The structure of the CNN model used in this study consists of the Feature Extraction and Classification as shown in Figure 4. In the feature extraction, two convolutional layers, two max-pooling layers, and one dropout layer were arranged to conduct two iterations (Figure 4a). Each layer was then arranged once and repeated twice (Figure 4b). In addition, we used ReLU (Rectified Linear Unit), which has a fast learning speed and prevents gradient vanishing [46], as the activation function. In the case of kernel size of the convolutional layer, (3,3) was applied because the repetition of (3,3) has a fast learning speed and extracts features well [47]. The Stride of the max pooling layer was (2,2), and the Dropout rate of the dropout layer was experimentally applied 0.2. In the classification, the Fully-Connected layer and the Dropout layer were alternately placed, Softmax was applied to the output layer (Figure 4c), and the SGD (Stochastic Gradient Descent) Optimizer was used for high experimental accuracy. In addition, we applied 200 epochs, 32 batch size and the earlystopping function for optimizing the model and preventing overfitting. The earlystopping function terminates learning when there is no room for improvement in the model. Therefore, we designed this study to stop learning if the validation loss does not update the minimum value within 20 times (see Table 8)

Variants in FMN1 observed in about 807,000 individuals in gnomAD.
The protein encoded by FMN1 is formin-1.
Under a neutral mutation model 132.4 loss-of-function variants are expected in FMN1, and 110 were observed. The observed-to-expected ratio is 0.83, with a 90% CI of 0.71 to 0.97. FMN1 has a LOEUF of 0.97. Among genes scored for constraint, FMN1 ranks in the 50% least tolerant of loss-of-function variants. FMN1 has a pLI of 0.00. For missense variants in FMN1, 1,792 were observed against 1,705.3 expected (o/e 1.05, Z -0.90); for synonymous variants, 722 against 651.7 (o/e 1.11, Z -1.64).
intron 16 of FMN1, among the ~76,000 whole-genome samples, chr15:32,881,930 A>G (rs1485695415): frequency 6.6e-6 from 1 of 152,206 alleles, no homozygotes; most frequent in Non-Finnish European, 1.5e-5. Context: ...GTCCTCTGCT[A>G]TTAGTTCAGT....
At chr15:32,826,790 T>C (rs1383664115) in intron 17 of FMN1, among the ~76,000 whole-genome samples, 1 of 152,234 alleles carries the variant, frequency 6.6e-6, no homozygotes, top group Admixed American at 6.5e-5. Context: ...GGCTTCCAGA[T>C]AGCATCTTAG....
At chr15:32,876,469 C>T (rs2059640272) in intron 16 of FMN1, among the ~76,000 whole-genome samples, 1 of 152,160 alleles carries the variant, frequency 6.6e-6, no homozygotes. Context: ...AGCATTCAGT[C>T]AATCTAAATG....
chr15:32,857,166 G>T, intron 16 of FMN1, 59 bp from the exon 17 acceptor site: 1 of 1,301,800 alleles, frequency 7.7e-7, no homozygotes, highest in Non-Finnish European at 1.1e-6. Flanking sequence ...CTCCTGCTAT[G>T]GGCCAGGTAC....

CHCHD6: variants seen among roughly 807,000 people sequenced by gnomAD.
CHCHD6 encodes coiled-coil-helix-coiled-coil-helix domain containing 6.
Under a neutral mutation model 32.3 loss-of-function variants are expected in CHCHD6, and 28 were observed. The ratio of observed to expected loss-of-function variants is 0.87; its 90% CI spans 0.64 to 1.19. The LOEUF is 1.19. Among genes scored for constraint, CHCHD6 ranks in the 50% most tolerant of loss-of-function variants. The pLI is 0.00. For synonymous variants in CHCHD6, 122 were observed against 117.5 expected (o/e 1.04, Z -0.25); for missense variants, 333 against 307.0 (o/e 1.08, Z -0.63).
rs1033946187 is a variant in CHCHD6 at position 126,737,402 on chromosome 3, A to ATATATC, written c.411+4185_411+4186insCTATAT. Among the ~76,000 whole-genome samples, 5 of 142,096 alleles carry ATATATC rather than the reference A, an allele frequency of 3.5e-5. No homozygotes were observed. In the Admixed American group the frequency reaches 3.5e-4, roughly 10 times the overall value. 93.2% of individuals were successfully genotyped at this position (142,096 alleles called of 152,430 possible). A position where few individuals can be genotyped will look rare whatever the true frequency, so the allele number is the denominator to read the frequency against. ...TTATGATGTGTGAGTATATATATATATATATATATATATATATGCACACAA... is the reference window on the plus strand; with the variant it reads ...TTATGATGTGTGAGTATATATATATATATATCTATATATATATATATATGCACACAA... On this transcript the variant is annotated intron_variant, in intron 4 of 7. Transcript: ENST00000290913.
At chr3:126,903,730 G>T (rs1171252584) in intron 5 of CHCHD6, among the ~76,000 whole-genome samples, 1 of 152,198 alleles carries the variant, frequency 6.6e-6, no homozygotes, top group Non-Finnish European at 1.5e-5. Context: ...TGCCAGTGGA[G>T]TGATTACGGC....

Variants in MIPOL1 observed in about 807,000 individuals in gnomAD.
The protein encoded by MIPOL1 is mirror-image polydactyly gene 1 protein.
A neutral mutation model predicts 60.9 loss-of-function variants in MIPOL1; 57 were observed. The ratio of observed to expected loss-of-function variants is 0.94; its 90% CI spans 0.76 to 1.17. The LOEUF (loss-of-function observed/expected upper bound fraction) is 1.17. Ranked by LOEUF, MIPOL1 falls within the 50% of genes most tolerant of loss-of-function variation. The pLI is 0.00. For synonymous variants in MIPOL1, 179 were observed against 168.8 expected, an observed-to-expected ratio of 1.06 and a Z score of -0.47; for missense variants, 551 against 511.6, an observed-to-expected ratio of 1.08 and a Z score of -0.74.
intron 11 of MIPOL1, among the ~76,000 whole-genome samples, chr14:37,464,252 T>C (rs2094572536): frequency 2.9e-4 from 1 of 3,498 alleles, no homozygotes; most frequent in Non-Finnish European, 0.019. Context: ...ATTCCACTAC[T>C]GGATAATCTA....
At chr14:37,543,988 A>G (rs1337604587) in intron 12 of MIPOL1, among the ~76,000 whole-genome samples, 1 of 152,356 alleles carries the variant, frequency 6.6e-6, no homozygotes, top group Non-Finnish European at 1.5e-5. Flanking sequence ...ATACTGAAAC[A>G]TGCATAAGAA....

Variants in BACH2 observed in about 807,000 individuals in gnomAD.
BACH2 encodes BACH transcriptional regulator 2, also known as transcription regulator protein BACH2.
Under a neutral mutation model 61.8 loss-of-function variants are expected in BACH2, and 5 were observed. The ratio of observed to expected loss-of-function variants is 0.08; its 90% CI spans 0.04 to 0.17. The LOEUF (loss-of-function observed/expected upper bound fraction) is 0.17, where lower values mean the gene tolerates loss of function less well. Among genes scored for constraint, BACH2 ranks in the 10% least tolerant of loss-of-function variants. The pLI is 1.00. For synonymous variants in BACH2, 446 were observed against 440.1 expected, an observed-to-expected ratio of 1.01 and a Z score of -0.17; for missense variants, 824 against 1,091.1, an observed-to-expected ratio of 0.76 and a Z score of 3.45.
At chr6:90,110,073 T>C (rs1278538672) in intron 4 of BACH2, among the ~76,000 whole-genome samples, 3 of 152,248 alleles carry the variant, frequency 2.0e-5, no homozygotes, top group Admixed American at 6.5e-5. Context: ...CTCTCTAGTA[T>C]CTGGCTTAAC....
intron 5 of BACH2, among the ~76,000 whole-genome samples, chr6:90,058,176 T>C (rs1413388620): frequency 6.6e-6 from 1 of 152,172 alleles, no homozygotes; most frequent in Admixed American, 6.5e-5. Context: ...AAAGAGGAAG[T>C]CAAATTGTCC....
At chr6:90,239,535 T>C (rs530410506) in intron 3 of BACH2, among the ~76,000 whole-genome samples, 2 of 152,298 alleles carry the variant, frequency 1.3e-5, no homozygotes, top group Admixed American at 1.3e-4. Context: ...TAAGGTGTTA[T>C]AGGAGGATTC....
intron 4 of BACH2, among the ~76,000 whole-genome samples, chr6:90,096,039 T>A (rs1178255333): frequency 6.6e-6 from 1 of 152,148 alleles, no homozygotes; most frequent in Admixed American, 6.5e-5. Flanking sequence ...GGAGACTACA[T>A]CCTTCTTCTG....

4. Result

4.1. Result

Based on the CNN model, the loss of train data and test data was found to be 0.008 and 0.097, respectively, and the accuracy was 0.998 and 0.982, respectively (see Figure 5 and Table 9).
For more detailed learning results analysis, performance indicators by class were identified with train data and test data. First, we analyzed a confusion matrix for train data and checked the classification results by class. Confusion matrix is a matrix for comparing the predicted class with the actual class to measure the prediction performance through training, with the x-axis representing the predicted class and the y-axis representing the actual class. The results of the Confusion matrix (Figure 6) showed that some mutual confusion occurred between black ice and snow road, and when the actual class was wet road, it was predicted as road.